Both strategies are noticeable, and I would add a third: borrowing to achieve ambitious, non-crisis goals or seizing the crisis as an opportunity to achieve new goals. For example, pandemic-restricted businesses borrowed to develop trade, and adapt. Businesses not affected by the crisis or those that benefited from the pandemic in business terms borrowed money for growth: various parcel delivery businesses, manufacturing, the sale of electronic equipment, the manufacture of furniture, and so on. However, in the wake of the first wave of the pandemic, businesses from the most affected sectors had been quite active in asking the bank for relief from existing financial obligations, i.e. the suspension of lending or leasing payments for 3-6 months, to survive or build up a financial “buffer” period.

– Which SME sectors are more likely to borrow and which are more successful in meeting their financial obligations?

Among small and medium enterprises, I would single out agriculture, transport, manufacturing, and wholesale trade as the most actively borrowing sectors of the economy this year. The vast majority of companies meet their obligations on time, and those who do not comply with financial discipline can be divided into two groups. The former owns fundamentally successful businesses with an “amateur” approach to financial management and their responsibilities, leading to persistent payment delays. The second group would include failed businesses that are facing serious solvency problems or even bankruptcy. Often, such businesses fail not for objective reasons, but due to unreasonable or untimely decisions of entrepreneurs, stagnation, and disagreements between shareholders.

– Small and medium businesses make up the majority of companies operating in Lithuania and generate significant GDP in the country. How has access to external financing for businesses been changing in recent years?

Access to finance for small and medium enterprises in Lithuania has been improving during the last three years. Excess money and excess liquidity in the market have been evident, making borrowing have been becoming not only more affordable but also relatively very cheap. I can say that Luminor Bank has increased its new lending (including leasing) for the SME segment over the last few years by several times. Lenders tended to take on more risk, and the segment of alternative lenders has developed, which I welcome, as they increase access to finance for businesses that are currently unable to get a loan in the bank, but they are more than 5 times more expensive than banks.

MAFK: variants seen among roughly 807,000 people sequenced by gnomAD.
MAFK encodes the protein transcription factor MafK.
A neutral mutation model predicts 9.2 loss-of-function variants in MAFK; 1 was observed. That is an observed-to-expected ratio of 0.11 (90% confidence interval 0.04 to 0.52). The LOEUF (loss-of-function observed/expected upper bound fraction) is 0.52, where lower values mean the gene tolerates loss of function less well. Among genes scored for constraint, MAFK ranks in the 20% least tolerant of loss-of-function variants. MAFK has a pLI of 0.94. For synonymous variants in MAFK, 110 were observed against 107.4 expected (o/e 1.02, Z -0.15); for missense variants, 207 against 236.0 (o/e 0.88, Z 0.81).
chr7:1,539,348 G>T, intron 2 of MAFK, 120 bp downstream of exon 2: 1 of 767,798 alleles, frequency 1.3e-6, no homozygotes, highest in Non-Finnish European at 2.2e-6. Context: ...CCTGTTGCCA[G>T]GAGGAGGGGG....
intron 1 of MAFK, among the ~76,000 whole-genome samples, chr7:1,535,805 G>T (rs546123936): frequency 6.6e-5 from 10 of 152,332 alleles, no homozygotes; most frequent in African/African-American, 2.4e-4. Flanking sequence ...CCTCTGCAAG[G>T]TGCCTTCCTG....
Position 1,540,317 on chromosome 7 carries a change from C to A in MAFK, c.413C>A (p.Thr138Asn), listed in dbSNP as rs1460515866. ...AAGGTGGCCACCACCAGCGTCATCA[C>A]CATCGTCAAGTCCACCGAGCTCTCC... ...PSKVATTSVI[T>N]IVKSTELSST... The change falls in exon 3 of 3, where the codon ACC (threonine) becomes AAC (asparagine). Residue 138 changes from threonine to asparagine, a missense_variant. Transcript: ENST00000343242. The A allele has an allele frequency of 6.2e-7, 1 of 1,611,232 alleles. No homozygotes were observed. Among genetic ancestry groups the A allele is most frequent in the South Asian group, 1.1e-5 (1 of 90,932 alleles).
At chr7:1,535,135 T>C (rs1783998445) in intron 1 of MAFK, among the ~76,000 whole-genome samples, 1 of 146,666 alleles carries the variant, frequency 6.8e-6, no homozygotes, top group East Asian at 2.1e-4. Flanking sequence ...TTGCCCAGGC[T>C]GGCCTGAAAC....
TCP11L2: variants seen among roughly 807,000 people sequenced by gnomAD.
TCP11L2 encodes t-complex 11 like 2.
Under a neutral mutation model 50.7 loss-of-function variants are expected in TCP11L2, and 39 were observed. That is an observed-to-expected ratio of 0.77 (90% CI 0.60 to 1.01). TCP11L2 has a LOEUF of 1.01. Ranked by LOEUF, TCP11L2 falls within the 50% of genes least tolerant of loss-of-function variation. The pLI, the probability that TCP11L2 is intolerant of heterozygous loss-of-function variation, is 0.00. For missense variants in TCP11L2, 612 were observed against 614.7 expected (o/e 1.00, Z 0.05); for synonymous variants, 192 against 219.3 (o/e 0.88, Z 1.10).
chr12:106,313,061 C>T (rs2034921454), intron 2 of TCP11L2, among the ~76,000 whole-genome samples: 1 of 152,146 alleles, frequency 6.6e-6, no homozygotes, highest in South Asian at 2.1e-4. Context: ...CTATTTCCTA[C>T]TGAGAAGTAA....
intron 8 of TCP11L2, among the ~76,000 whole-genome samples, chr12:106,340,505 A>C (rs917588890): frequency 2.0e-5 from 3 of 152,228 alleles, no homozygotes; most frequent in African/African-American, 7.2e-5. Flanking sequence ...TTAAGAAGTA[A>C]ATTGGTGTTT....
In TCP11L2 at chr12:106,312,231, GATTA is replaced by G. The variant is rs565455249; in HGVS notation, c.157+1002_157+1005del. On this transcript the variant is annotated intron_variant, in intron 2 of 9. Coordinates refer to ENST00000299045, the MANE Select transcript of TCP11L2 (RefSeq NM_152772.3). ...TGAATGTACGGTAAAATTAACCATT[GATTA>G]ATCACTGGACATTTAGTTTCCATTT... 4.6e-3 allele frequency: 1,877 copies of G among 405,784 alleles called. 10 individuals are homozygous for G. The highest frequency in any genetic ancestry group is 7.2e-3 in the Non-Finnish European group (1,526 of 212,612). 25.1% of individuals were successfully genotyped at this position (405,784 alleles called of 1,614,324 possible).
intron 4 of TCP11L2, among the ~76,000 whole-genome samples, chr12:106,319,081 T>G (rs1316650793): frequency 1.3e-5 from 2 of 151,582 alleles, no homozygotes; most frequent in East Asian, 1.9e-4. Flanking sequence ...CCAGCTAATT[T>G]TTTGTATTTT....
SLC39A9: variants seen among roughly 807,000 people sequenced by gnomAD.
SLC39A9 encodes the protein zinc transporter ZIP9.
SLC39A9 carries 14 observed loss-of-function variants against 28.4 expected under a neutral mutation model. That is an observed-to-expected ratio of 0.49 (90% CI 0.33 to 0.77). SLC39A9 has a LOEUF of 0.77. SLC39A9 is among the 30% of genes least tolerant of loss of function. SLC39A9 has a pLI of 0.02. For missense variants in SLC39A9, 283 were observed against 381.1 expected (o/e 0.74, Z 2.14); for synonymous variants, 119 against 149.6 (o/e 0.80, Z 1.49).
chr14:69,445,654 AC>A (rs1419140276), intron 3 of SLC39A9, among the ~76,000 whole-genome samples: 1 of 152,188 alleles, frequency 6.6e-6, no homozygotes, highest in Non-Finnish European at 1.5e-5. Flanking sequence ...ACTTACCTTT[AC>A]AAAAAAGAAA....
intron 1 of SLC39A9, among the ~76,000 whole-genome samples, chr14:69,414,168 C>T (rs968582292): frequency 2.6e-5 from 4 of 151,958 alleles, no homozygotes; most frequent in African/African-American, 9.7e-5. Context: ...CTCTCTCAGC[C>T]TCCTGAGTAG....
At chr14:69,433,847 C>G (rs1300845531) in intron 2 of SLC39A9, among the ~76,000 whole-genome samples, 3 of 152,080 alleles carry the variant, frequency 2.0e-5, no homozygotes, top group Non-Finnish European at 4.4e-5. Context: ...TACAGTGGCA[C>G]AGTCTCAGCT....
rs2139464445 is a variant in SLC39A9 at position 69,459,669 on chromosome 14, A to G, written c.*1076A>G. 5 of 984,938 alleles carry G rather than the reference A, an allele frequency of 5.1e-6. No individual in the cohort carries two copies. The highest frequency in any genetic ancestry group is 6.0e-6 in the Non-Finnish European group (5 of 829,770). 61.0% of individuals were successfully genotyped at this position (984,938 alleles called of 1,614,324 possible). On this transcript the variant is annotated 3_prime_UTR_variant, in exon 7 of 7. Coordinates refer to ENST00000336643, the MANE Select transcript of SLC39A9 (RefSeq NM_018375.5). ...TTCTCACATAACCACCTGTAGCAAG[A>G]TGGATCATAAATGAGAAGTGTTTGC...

– You’ve mentioned that companies have access to finance from both banks and alternative lenders, but they do not have equal terms. How do properly evaluate the proposed financing terms?

The traditional bank employs a large team of professionals with streamlined processes, so it is clear that borrowing here is both the clearest and cheapest. Non-banking lenders, crowdfunding, and other alternative lenders are certainly much more expensive but focus on riskier lending, so it can be a solution at the very beginning, and as a business grows and has at least one year of experience, it’s a good idea to check out a traditional bank. When choosing a lender, it’s worth considering which partners they work with and whether they can offer preferential programs. Luminor provides loans and leasing to SMEs with the support of the European Investment Bank (EIB). This means that the bank’s interest rates on such lending are at least 0.25 percentage points lower than normal lending without EIB support.

Attention should be paid not only to the bank’s credit margin or the loan administration fee but also to the additional conditions that may significantly inflate the borrowing burden. In some cases, there is a very high probability that the lender will unilaterally raise the interest rate (e.g., due to failure to complete the construction of a building on time, borrowing from another lender without the consent of the first lender, etc.). Fixing interest rates is now becoming more popular, but not all lenders can offer this. The lender should also tell the customer how the loan administration fee is applied (whether it is only one payment or still paid periodically, e.g. monthly or annually), whether there is an obligation fee for the unutilized part of the loan, what penalties are foreseen and in which cases the lender can ask for early repayment.

After considering the proposed agreement terms, I would suggest not forgetting the human factor. The lender becomes an indirect partner of a business customer, so his high level of competence can be very important in the further development of the business itself.

Source: Article by delfi.lt from April 04, 2022